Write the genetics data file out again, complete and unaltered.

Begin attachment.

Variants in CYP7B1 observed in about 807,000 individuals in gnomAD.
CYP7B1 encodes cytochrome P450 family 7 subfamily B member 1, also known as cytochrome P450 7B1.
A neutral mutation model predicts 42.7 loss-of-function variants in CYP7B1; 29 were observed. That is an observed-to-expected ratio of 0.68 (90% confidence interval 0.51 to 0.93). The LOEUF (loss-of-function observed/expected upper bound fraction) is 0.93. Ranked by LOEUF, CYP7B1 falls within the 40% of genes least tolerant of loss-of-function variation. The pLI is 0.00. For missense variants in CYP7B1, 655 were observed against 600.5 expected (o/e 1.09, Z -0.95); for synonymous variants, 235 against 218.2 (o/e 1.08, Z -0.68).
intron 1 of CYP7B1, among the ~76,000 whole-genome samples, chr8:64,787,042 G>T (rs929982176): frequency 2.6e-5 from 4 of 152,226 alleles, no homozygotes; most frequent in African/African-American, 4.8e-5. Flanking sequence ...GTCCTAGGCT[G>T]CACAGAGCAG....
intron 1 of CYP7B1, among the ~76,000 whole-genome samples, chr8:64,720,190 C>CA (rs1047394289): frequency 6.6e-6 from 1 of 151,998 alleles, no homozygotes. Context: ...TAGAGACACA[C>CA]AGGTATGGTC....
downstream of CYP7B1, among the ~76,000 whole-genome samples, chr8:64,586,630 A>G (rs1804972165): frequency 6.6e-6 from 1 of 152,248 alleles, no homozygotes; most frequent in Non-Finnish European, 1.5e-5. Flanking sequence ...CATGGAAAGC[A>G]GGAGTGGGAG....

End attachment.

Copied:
Variants in CYP7B1 observed in about 807,000 individuals in gnomAD.
CYP7B1 encodes cytochrome P450 family 7 subfamily B member 1, also known as cytochrome P450 7B1.
A neutral mutation model predicts 42.7 loss-of-function variants in CYP7B1; 29 were observed. That is an observed-to-expected ratio of 0.68 (90% confidence interval 0.51 to 0.93). The LOEUF (loss-of-function observed/expected upper bound fraction) is 0.93. Ranked by LOEUF, CYP7B1 falls within the 40% of genes least tolerant of loss-of-function variation. The pLI is 0.00. For missense variants in CYP7B1, 655 were observed against 600.5 expected (o/e 1.09, Z -0.95); for synonymous variants, 235 against 218.2 (o/e 1.08, Z -0.68).
intron 1 of CYP7B1, among the ~76,000 whole-genome samples, chr8:64,787,042 G>T (rs929982176): frequency 2.6e-5 from 4 of 152,226 alleles, no homozygotes; most frequent in African/African-American, 4.8e-5. Flanking sequence ...GTCCTAGGCT[G>T]CACAGAGCAG....
intron 1 of CYP7B1, among the ~76,000 whole-genome samples, chr8:64,720,190 C>CA (rs1047394289): frequency 6.6e-6 from 1 of 151,998 alleles, no homozygotes. Context: ...TAGAGACACA[C>CA]AGGTATGGTC....
downstream of CYP7B1, among the ~76,000 whole-genome samples, chr8:64,586,630 A>G (rs1804972165): frequency 6.6e-6 from 1 of 152,248 alleles, no homozygotes; most frequent in Non-Finnish European, 1.5e-5. Flanking sequence ...CATGGAAAGC[A>G]GGAGTGGGAG....